As you can see, there are many ways your products could lead to a customer getting hurt—and some of them are hard to see coming. While you can implement safeguards at every stage of the process, there’s always going to be a chance that one of your products fails in some unseen, unpredictable way.

The Extent of Damages

You may wonder if you truly need product liability insurance. After all, in the unlikely event that a product fails, you may be able to cover the costs yourself. However, this is extremely risky. The costs of a single product liability case can be devastating, and if you face a class-action lawsuit, or multiple lawsuits, there may be no chance of recovery. Remember, you could be responsible not only for compensating the customer for their injury and their pain and suffering, but also for covering the legal fees of both sides.

Some cases can cost millions, or even tens of millions of dollars.

Product Liability Insurance Rates

Most product liability insurance policies require you to pay a monthly, or other type of regular premium for your coverage. These rates will vary based on a number of factors, including the size of your business, the type of product you’re manufacturing, the extent of your distribution, and how much coverage you desire. Some insurance companies may also want to conduct inspections, reviewing the design and manufacturing of your product firsthand so they have a better sense of your safety standards.

Still, product liability insurance rates are typically reasonable. Shop around for the right insurance provider, and consider bundling your product liability insurance policy with other policies to lower your rates even further.

Conclusion

If your business designs or manufacturers products, product liability insurance is a practical must. It’s easy to get a policy, and most policies are relatively inexpensive, but this safety net could save you from shelling out millions as a result of an unforeseen product flaw. No matter how safe your operations are, or how many supervisory checks you conduct, there’s always going to be a chance that someone is injured while using your product—and that’s when your policy will kick in.

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Business Finance

Small metros may have cheaper homes, but they might not have the jobs

(BUSINESS NEWS) Study by Indeed finds that small to mid-sized metros offer higher adjusted salaries, but don’t pack your bags just yet because your job may not be there

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When I told my parents how much my partner and I would be paying for rent at our new apartment, they quickly pointed out that I could purchase a home for that kind of money in my hometown.

Indeed recently published a study where they determined which cities have the highest salaries after accounting for the cost of living, an adjusted salary. Every city on the list is a small or mid-sized metro area which is why they dubbed their findings, “the small-city advantage.” No surprise to me, my hometown made the list.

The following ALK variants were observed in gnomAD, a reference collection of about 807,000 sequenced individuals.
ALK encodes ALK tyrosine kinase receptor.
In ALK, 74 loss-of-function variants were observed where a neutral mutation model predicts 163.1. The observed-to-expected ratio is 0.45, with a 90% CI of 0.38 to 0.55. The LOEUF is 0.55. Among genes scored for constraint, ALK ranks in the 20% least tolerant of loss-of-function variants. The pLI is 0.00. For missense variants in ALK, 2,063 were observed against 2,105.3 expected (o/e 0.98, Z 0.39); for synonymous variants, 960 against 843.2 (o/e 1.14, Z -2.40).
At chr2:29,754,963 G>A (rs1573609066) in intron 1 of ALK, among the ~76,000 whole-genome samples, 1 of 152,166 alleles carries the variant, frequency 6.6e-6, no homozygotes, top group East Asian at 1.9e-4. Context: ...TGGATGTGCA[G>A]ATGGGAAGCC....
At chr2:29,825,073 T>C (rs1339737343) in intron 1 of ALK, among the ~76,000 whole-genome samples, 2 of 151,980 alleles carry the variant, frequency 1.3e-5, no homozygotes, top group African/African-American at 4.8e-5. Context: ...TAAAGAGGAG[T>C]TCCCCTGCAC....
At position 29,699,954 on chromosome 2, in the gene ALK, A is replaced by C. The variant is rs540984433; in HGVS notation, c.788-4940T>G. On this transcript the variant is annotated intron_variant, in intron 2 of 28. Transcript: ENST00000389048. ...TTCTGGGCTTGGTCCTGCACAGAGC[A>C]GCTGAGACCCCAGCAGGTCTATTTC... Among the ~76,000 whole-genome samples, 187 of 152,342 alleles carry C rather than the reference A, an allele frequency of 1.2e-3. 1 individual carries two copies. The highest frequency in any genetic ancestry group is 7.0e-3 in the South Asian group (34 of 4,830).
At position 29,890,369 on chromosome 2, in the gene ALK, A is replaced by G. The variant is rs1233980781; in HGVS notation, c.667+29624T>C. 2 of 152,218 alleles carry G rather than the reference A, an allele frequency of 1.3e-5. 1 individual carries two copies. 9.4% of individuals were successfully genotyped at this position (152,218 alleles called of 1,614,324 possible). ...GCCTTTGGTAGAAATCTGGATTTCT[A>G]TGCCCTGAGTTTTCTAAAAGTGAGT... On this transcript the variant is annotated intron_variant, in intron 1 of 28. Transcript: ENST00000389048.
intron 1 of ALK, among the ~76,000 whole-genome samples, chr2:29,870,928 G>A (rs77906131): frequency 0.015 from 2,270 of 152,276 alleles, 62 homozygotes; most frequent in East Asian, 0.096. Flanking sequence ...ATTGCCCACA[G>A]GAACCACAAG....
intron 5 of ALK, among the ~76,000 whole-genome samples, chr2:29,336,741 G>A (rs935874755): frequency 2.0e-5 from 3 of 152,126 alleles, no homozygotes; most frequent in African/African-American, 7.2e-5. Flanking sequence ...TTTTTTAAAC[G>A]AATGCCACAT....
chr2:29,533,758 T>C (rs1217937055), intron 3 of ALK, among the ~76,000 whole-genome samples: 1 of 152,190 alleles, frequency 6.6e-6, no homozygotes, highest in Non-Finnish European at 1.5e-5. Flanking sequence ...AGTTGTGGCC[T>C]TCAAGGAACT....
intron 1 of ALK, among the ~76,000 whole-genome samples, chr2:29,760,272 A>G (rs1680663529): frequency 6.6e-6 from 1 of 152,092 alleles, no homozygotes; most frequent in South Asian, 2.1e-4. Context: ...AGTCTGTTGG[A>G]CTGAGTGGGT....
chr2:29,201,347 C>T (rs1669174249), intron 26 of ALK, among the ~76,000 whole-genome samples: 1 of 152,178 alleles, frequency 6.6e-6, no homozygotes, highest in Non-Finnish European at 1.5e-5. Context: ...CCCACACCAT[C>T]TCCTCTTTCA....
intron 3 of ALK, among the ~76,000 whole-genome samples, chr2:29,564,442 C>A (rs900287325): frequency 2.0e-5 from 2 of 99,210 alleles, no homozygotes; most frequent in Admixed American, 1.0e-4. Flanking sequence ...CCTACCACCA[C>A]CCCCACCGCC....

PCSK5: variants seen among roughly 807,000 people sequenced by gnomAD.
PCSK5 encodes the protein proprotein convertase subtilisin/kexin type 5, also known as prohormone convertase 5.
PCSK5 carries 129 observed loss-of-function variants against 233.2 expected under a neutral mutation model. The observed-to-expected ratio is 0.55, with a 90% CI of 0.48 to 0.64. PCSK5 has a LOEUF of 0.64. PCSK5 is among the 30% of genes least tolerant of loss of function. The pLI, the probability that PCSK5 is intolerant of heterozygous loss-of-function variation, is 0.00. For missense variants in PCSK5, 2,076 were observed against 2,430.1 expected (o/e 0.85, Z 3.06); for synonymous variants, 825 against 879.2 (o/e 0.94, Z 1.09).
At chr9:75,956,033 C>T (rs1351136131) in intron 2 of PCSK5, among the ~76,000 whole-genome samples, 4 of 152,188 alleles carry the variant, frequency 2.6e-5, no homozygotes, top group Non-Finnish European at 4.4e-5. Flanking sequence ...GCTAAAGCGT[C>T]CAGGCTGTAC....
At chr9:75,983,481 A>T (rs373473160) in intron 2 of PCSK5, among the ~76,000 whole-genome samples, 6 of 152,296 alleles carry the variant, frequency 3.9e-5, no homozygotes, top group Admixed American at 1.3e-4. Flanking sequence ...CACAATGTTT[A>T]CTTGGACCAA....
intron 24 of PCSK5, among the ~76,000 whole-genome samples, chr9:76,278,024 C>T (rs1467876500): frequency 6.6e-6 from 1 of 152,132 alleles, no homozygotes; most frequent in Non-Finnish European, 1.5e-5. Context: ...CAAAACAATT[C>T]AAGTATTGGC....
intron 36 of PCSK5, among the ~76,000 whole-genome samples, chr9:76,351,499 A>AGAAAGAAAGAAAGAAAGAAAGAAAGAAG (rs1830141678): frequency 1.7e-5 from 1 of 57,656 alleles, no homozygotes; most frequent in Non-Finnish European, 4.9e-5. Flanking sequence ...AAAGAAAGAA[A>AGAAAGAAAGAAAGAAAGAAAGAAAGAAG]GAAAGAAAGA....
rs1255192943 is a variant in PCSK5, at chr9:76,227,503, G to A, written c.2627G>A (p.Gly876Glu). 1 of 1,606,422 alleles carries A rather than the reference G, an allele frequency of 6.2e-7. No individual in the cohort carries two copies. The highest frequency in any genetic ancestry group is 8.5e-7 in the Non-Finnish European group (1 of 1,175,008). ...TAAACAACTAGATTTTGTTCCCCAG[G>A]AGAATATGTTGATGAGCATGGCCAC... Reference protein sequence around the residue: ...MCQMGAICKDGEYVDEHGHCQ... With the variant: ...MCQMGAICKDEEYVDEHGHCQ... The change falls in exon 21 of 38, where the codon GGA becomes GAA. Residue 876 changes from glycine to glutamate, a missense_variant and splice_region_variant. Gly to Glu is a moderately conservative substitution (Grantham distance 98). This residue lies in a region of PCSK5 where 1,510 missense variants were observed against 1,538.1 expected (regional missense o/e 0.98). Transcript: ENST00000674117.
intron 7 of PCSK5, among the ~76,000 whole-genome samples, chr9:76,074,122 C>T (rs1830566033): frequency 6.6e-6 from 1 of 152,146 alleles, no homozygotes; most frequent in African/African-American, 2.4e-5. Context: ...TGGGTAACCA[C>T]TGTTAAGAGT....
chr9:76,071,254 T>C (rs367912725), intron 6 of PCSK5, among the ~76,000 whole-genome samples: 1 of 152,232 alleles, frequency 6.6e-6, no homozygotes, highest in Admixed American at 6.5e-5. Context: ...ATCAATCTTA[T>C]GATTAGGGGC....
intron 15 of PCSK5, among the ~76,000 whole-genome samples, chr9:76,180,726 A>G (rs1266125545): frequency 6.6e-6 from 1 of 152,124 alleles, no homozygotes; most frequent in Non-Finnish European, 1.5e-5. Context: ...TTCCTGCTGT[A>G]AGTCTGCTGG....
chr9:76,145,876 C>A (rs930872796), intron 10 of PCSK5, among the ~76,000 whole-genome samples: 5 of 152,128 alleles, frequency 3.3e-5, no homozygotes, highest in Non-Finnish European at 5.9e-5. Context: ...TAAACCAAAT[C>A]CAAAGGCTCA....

My parents are right, I could literally buy a home for the amount of money I pay in rent every month to live in a large metro area. But the equation that determines where I, and many other workers should live, is more complex than salary minus housing.

Indeed’s study also shows that bigger metros have faster job growth and lower unemployment compared to these small to mid-sized metros. This is why the number one city on their list, Brownsville-Harlingen, TX, also has a higher unemployment rate than the national average. Some of the other cities on the list are Fort Smith, AR-OK, Toledo, OH, Laredo, TX, and Rockford, IL.

These areas are cheaper to live in, in part, because they may not offer the kind of job opportunities, and therefore social mobility, you see in larger metro areas. Sure, I could make my money go further in my hometown, but the chances of me finding a job in my industry there are smaller.

Your field of work does matter when considering whether or not the “small-city advantage” could work for you. If you work in tech or finance, two traditionally high-paying fields, then this advantage doesn’t apply.

“Before adjusting for living costs, typical technology salaries are 27% higher in two-million-plus metros than metros with fewer than 250,000 people. Even after adjusting for those costs, tech salaries are still 5% higher in the largest metros than in the smallest ones,” finds Indeed.

If a huge tech company offering thousands of high-paying jobs moved into a city like Brownsville-Harlingen, TX, over time it would get more expensive to live there. This is why people were freaking out so much when Amazon was trying to decide where to locate HQ2. It’s the hamster wheel that is currently driving income inequality in some of America’s largest major metro areas.

Finding the right place to call home is never going to be a single factor decision. Yes, salary is a huge factor, as is the cost of living, but there are also lifestyle factors to consider. What kind of opportunities would you have in this city? How much will it cost to move there? How will this effect the other members of your household?

It’s nice to play the ‘ditch the corporate world and buy a country house’ fantasy after a long day at work, but the reality is far more complex.